Over the past few months, several clients have alerted us to the delayed or discontinued status of their clinical trials due to the COVID-19 pandemic. Studies typically conducted in physicians’ offices, clinics, or hospitals have been paused as in-person visits to such sites abruptly stopped. Patients are no longer visiting (or visiting in a limited capacity) brick and mortar physicians’ offices and clinics for treatment or follow-up, and visits to hospitals have been curbed due to the pandemic.
Clinical trial participants, including those battling advanced or terminal diseases in which a clinical trial may be a promising option, are being discontinued or delayed from needed trials. Sponsors are struggling with a number of issues, including how to determine which participants should be discontinued, addressing unexpected clinical trial site closures, and reporting clinical trial data for ongoing, but delayed, clinical trials.
In March 2020, the Food and Drug Administration issued a guidance document to provide some parameters on the conduct of clinical trials during the pandemic, including amendments to protocol-specified procedures and adhering to protocol-mandated visits and laboratory/diagnostic testing.1 Notably, FDA provided the following guidance regarding the conduct of clinical trials:
If scheduled visits at clinical sites will be significantly impacted, certain investigational products, such as those that are typically distributed for self-administration, may be amenable to alternative secure delivery methods. For other investigational products that are normally administered in a health care setting, consulting FDA review divisions on plans for alternative administration (e.g., home nursing or alternative sites by trained but non-study personnel) is recommended. In all cases, existing regulatory requirements for maintaining investigational product accountability remain and should be addressed and documented.
Based on the foregoing, FDA guidance anticipates the possibility that sponsors may choose to work with entities that may be able to provide home nursing, such as home health agencies, or other alternative sites providing trained, but non-study, personnel. After consultation with the FDA review division, an investigator may be able to delegate the responsibility for administering the investigational product to a home health aide or other qualified individual.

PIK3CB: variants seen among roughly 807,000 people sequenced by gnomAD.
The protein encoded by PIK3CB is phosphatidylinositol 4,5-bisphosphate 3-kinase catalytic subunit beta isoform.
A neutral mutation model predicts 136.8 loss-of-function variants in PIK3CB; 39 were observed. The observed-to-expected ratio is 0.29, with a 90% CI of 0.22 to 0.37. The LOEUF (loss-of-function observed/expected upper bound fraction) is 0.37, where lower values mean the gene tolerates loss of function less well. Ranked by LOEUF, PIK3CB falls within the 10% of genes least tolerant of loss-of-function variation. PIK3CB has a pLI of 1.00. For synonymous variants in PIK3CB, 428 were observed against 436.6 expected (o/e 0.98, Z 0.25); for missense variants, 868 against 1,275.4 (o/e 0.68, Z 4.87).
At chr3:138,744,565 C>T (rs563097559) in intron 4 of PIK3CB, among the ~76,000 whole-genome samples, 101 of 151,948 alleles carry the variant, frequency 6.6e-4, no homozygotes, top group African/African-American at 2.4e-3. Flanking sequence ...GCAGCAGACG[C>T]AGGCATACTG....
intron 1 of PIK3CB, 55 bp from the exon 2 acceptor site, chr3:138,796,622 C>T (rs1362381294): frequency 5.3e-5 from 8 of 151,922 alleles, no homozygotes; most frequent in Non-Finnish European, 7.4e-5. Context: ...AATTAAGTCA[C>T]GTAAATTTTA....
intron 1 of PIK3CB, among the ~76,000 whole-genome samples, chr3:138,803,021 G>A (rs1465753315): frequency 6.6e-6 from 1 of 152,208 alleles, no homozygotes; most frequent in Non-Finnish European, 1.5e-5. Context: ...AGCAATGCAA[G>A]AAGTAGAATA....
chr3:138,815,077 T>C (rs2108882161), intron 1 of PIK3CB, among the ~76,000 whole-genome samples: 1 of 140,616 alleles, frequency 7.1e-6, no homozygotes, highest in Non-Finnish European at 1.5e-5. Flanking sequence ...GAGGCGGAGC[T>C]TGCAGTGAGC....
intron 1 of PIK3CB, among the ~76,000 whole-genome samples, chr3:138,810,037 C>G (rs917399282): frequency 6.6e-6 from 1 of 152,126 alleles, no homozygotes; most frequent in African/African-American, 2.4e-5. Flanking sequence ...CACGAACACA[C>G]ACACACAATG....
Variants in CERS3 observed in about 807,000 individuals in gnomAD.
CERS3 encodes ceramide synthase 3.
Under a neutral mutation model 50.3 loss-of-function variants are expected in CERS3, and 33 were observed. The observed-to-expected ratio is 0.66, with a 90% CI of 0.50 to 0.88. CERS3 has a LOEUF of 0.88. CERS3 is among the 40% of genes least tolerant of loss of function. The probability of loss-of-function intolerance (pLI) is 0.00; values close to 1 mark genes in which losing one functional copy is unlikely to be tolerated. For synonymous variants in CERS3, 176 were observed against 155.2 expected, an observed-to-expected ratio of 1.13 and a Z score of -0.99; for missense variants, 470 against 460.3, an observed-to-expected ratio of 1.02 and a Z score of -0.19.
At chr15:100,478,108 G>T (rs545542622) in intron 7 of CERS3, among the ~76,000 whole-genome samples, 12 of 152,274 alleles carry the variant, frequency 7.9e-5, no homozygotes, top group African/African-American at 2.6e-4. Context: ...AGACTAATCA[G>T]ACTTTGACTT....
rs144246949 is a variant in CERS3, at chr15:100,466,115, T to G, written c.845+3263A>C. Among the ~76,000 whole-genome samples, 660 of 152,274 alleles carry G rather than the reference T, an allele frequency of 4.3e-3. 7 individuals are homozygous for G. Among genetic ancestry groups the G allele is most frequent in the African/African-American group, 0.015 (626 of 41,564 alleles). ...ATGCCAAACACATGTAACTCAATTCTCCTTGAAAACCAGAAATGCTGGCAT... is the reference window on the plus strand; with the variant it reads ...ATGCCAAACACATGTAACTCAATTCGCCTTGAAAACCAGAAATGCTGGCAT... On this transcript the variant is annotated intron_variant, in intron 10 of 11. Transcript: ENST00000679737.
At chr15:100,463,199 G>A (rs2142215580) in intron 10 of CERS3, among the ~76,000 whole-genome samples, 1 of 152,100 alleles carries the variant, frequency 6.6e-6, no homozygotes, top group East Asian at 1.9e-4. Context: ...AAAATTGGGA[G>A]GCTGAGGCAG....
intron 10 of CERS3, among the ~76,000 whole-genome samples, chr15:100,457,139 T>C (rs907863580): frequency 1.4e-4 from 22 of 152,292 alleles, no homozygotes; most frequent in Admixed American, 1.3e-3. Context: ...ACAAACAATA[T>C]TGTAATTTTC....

From an FDA perspective, it would likely be optimal if the home nurse or other qualified personnel were a member of the existing clinical trial site or if the principal investigator could deliver or administer the medication or therapy directly in the home setting and perform necessary follow-up. However, it appears from the foregoing that FDA may be amenable, at least for some therapies and medications, for a third-party entity, such as a home health agency, to provide such services if the sponsor can ensure that existing regulatory requirements are in place, addressed and documented. One potential issue to address is handling adverse reactions a patient might experience from the investigational product (e.g., a seizure). This may be a difficult challenge to overcome if the trial is conducted remotely.
In addition, the principal investigator will need to ensure that the individual providing the home services is trained on good clinical practices (GCPs), how to handle the investigational product, appropriate recordkeeping, and procedures to follow-up and monitor clinical trial participants. Again, these types of arrangements will need to be discussed with the appropriate FDA review division. The agency will need to review the arrangement to ensure that all regulatory requirements are met. If FDA approves of the arrangement, it may prove to be a useful means to help sponsors continue clinical trials as the United States continues to weather the COVID-19 pandemic.
The guidance document also includes a number of other considerations for ongoing trials during the COVID-19 pandemic. Some of these are included below: